181 Tests, 13,968 runs, 37 100’s and now 51 Test wins as Captain.
Joe Root and Michael Vaughan’s combined England Test stats are certainly impressive to behold, especially when considering that both started their cricketing career at the same club – Sheffield Collegiate.
Will Slater asks: Is this mere coincidence, or is there something integral in Sheffield Collegiate’s approach to fostering young cricketers which allowed both to reach their potential?Embed from Getty Images
The environment in which 15-year-old Michael Vaughan found himself in 1990, when he made his second team debut for Sheffield Collegiate, was certainly conducive to a young cricketer with ambition.
Coincidently, 1990 was also a crucial year for Joe Root, being born on the 30th December, but we will get to him later.
The start of a new decade saw success for the club as the first team won the Yorkshire League with a 17-year-old Richard Kettleborough and a 23-year-old Kenny Benjamin in the impressive roster.
Both would go on to achieve cricketing fame, with Benjamin making his West Indies Test debut two years later, and Kettleborough playing for both Yorkshire and Middlesex, and now on the ICC elite umpires panel.
Kenny Benjamin at Sheffield Collegiate
Collegiate had a strong bowling line up, with Benjamin leading the attack alongside Simon Myles. It is undoubtedly the case that the club’s talented players nurtured Vaughan’s already blooming potential, with him facing the opening bowlers regularly in the nets.
Not that he would have much issue with this, being described by club legend Nick Gaywood, who first saw Vaughan as a 14-year-old, as “having
immaculate technique” appearing to have “all the time in the world.”
The following year, Collegiate would go on to reach the national semi-finals with both Vaughan and Kettleborough featuring in the side.
However, as Vaughan became increasingly involved in the Yorkshire set-up, his place in the first team was taken by Matt Root, father of Joe (pictured below with Joe, Billy and Matt’s father Don).Embed from Getty Images
Collegiate is certainly a family club, and perhaps this is one of the secrets to nurturing cricketers at the top of their game.
Both Root and Vaughan went through junior cricket with strong cohorts, including their brothers Billy and David respectively.
Playing alongside a talented brother pushed each other to constantly better
themselves, providing each other with an ever-willing training partner.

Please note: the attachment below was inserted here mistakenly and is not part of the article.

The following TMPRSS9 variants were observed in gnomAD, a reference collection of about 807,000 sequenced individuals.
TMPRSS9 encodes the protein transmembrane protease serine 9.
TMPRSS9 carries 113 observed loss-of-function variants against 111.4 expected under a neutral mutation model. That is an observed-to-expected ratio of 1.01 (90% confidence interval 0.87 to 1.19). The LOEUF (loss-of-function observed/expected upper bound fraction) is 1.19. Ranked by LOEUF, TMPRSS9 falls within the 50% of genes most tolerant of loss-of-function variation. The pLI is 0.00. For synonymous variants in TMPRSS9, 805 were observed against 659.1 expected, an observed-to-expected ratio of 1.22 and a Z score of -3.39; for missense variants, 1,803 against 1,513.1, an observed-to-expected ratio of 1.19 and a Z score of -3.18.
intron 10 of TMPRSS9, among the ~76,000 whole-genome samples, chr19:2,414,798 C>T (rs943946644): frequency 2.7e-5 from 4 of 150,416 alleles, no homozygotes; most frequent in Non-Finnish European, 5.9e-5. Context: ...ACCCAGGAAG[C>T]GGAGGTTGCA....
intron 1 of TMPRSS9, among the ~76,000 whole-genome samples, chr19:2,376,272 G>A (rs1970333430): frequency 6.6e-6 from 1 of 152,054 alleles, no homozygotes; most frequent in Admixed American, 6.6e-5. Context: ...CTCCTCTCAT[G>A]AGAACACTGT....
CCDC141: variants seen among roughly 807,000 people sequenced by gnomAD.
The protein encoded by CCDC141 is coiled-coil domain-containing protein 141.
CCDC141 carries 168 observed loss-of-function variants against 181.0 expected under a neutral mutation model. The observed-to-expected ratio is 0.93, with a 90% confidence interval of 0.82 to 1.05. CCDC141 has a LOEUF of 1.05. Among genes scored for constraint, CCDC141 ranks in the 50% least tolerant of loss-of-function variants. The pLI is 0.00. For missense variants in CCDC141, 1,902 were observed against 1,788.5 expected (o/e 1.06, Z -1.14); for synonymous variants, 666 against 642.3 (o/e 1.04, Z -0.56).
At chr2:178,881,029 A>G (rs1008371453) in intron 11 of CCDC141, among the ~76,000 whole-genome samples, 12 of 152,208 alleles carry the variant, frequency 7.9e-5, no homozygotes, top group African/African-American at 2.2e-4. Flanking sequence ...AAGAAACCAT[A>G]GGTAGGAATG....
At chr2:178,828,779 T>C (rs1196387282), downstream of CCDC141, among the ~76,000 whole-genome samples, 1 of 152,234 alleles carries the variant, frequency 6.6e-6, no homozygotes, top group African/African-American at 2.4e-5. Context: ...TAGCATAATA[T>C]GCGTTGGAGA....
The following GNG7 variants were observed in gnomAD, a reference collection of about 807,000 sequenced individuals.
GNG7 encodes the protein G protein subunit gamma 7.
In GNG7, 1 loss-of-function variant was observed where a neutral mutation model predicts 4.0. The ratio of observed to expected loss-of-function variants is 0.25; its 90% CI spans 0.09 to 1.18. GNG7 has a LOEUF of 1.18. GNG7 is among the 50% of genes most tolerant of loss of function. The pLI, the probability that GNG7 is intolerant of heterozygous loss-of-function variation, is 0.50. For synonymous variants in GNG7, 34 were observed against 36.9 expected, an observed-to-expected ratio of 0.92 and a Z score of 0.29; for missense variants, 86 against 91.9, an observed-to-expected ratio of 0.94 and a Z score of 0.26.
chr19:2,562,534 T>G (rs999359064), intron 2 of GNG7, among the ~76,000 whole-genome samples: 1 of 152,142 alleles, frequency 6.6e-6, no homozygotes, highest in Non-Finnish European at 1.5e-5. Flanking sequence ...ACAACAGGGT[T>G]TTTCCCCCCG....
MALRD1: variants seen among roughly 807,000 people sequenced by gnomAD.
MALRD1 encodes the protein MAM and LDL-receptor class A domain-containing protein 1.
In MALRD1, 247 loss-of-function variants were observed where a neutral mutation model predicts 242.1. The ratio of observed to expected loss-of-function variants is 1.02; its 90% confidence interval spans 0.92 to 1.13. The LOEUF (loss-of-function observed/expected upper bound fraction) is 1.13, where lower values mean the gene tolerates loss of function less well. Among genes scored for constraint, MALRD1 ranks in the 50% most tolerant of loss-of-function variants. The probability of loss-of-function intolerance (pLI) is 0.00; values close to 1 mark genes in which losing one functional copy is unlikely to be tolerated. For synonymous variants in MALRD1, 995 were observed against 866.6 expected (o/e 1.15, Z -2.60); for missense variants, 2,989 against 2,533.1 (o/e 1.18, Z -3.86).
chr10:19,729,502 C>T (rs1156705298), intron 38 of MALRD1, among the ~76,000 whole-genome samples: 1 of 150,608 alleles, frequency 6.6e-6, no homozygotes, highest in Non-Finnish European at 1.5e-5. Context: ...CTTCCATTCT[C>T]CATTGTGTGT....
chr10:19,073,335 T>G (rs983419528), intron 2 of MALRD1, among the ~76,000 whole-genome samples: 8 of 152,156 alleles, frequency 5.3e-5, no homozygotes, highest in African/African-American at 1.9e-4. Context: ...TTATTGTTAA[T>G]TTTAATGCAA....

Those lucky enough to witness Joe’s development as a youngster reminisce about the Root brothers’ absolute dedication, often netting with each other for hours on end.
Both rose through Collegiate’s ranks as a duo, making their first-team debuts just a year apart.
Perhaps one of the club’s most successful achievements is their integration of junior cricketers into the adult sides, allowing them to not only perform, but enjoy their cricket at a higher level.
As club stalwart, Dave Jones, explains, “Collegiate allowed both Joe and Michael to bat with no pressure, placing the responsibility of winning games on senior players.”
The importance of allowing impressive young cricketers to play in adult teams should not be overstated. As Ben Fielding, who was part of the Root brothers’ cohort explains: “Joe was always technically good as a junior but that didn’t always win games.”
Root was more fitted to the longer game, and he was given the opportunity to partake in longer formats earlier than other clubs, having five adult teams to progress through, a process which he began as early as 12 years-old in the fifth team.
Playing adult cricket, he could fully focus on perfecting his technique, not
having the same pressure to score that came with the junior 20-over format.
So, was it a coincidence that both of these exceptionally talented players were produced by the same club in a short space of time, or was it due to the atmosphere provided by Collegiate?
The answer is an amalgamation of the two. The club was extremely lucky to have two cricketers rise through the ranks, both showing the level of dedication and love for cricket that is needed for those wanting to reach the apex of the game.
However, the club was in prime position to nurture them both. Providing a smooth transition for juniors aspiring to play adult cricket, integrating them among the seniors, with Vaughan facing top-quality bowlers such as Benjamin regularly in the nets.Embed from Getty Images
Furthermore, the club facilities at Abbeydale were available 24/7, allowing Root to turn it into his personal training ground, often seen during the summer holidays going down at 10 am and still being there by 8 at night.
With England’s latest Test win in Galle, Root has now lead England to 25
victories, just one behind Vaughan, England’s most successful captain.
England have a busy year ahead in the longest format.
Coming up are nine Tests against India, a two-match clash with new Zealand then the Ashes, providing Root with plenty of opportunity to claim Vaughan’s title.
Thanks to Will Slater for this article and to Martin Slater for his contribution. You can find out all the latest from Sheffield Collegiate on their website.